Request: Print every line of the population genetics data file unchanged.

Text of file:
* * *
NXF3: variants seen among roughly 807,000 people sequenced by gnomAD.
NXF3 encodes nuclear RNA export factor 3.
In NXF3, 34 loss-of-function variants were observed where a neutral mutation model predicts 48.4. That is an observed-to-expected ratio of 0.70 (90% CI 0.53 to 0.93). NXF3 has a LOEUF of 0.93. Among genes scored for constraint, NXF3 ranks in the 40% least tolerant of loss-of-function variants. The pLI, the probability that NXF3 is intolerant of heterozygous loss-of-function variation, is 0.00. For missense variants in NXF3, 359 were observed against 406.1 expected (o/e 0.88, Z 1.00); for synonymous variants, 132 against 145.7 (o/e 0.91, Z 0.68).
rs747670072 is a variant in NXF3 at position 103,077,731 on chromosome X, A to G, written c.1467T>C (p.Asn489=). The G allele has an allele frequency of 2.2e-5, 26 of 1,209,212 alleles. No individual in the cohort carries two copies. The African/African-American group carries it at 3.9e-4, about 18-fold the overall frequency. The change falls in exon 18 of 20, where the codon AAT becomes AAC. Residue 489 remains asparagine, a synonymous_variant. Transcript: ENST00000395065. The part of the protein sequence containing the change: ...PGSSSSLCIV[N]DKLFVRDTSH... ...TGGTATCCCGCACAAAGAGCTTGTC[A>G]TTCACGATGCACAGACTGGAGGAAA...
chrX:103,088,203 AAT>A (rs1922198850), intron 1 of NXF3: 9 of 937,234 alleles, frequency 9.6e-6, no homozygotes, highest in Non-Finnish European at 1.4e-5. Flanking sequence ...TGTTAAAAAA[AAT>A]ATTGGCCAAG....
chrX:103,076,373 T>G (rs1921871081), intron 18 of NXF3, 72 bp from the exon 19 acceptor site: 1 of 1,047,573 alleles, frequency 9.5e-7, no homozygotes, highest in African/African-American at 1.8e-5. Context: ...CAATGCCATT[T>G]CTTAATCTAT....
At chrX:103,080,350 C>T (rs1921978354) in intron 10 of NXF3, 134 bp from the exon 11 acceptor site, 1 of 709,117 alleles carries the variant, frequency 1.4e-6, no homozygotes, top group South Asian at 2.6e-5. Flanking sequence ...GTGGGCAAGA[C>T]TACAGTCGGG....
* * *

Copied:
NXF3: variants seen among roughly 807,000 people sequenced by gnomAD.
NXF3 encodes nuclear RNA export factor 3.
In NXF3, 34 loss-of-function variants were observed where a neutral mutation model predicts 48.4. That is an observed-to-expected ratio of 0.70 (90% CI 0.53 to 0.93). NXF3 has a LOEUF of 0.93. Among genes scored for constraint, NXF3 ranks in the 40% least tolerant of loss-of-function variants. The pLI, the probability that NXF3 is intolerant of heterozygous loss-of-function variation, is 0.00. For missense variants in NXF3, 359 were observed against 406.1 expected (o/e 0.88, Z 1.00); for synonymous variants, 132 against 145.7 (o/e 0.91, Z 0.68).
rs747670072 is a variant in NXF3 at position 103,077,731 on chromosome X, A to G, written c.1467T>C (p.Asn489=). The G allele has an allele frequency of 2.2e-5, 26 of 1,209,212 alleles. No individual in the cohort carries two copies. The African/African-American group carries it at 3.9e-4, about 18-fold the overall frequency. The change falls in exon 18 of 20, where the codon AAT becomes AAC. Residue 489 remains asparagine, a synonymous_variant. Transcript: ENST00000395065. The part of the protein sequence containing the change: ...PGSSSSLCIV[N]DKLFVRDTSH... ...TGGTATCCCGCACAAAGAGCTTGTC[A>G]TTCACGATGCACAGACTGGAGGAAA...
chrX:103,088,203 AAT>A (rs1922198850), intron 1 of NXF3: 9 of 937,234 alleles, frequency 9.6e-6, no homozygotes, highest in Non-Finnish European at 1.4e-5. Flanking sequence ...TGTTAAAAAA[AAT>A]ATTGGCCAAG....
chrX:103,076,373 T>G (rs1921871081), intron 18 of NXF3, 72 bp from the exon 19 acceptor site: 1 of 1,047,573 alleles, frequency 9.5e-7, no homozygotes, highest in African/African-American at 1.8e-5. Context: ...CAATGCCATT[T>G]CTTAATCTAT....
At chrX:103,080,350 C>T (rs1921978354) in intron 10 of NXF3, 134 bp from the exon 11 acceptor site, 1 of 709,117 alleles carries the variant, frequency 1.4e-6, no homozygotes, top group South Asian at 2.6e-5. Flanking sequence ...GTGGGCAAGA[C>T]TACAGTCGGG....